ImageGear for C and C++ on Linux v20.0 - Updated
Working with Large Images
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When you load an image into ImageGear image handle, or create one, its pixel data is stored in the computer’s random access memory (RAM) by default.  As the physical memory usage grows, the system swaps less used blocks of memory from running applications to the system Page file. If an application tries to allocate a block of memory comparable with the computer’s RAM size, the system has to push its own resources to the Page file. This makes the system extremely unresponsive. If an application requests more memory than
(size of the RAM + the page file size - amount of memory used by the system), such request cannot be fulfilled, and the allocation fails.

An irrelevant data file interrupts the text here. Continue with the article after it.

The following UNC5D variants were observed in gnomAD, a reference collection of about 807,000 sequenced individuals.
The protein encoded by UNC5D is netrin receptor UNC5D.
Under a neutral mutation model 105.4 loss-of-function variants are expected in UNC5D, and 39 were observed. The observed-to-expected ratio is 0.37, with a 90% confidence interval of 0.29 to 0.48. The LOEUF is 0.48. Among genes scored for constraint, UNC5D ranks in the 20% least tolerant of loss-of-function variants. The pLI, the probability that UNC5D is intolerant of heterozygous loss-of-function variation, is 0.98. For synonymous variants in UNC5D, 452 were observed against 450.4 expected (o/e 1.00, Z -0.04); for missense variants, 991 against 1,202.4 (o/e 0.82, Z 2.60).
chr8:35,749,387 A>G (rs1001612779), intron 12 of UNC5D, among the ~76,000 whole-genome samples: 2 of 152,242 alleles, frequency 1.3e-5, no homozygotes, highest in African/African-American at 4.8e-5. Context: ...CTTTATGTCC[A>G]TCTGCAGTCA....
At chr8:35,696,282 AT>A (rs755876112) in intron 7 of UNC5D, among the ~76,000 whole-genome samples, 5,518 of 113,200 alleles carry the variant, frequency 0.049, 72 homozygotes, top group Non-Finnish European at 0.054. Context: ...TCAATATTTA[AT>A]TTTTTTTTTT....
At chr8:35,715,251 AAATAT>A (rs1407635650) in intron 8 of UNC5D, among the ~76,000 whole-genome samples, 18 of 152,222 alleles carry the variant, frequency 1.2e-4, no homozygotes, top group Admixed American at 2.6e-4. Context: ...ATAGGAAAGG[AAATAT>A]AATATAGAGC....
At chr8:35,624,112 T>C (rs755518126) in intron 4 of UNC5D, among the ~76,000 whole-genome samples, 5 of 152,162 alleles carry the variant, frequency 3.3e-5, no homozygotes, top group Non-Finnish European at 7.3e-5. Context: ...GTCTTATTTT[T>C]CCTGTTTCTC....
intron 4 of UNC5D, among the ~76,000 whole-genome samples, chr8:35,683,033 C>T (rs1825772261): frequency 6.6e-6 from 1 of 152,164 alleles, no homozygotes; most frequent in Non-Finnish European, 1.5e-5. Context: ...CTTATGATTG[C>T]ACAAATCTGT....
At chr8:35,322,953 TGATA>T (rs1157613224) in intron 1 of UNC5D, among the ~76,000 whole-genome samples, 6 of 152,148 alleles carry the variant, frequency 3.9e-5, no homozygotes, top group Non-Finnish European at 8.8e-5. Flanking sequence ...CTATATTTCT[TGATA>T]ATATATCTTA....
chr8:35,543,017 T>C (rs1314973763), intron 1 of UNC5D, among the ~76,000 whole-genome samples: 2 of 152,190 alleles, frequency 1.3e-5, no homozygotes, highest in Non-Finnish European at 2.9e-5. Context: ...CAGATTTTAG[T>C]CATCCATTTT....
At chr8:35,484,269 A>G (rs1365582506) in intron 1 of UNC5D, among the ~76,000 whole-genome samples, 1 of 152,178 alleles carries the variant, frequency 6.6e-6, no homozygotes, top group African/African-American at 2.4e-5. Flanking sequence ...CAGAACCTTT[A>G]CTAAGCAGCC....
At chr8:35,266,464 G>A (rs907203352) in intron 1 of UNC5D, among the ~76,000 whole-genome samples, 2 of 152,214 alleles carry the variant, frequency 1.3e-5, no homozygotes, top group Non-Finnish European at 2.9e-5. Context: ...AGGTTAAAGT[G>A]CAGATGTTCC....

ImageGear allows working with such large images by allocating memory for the DIB via a memory mapped file. On a 64-bit operating system, this allows allocating images nearly as large as the amount of free disk space on the computer, without overloading the RAM and affecting the system responsiveness. On a 32-bit OS, maximum total size of DIBs allocated simultaneously in several processes cannot exceed 3…3.5 Gb, and the size of all DIBs allocated in one process cannot be greater than 2 Gb; however, using memory mapped files still makes working with large images much more convenient.

If the images are not large, or there is plenty of free RAM, keeping image pixels in the RAM provides better performance than using the memory mapped files.  However, when image size is comparable to RAM size, or is greater, memory mapped file usage provides much better performance than storing the image in memory.

ImageGear does not use memory mapped files for 1-bit images. However, ImageGear uses Run Ends Compression for storing them, so they rarely occupy large amounts of memory. See Compression and Decompression for details.

This section provides the following information:

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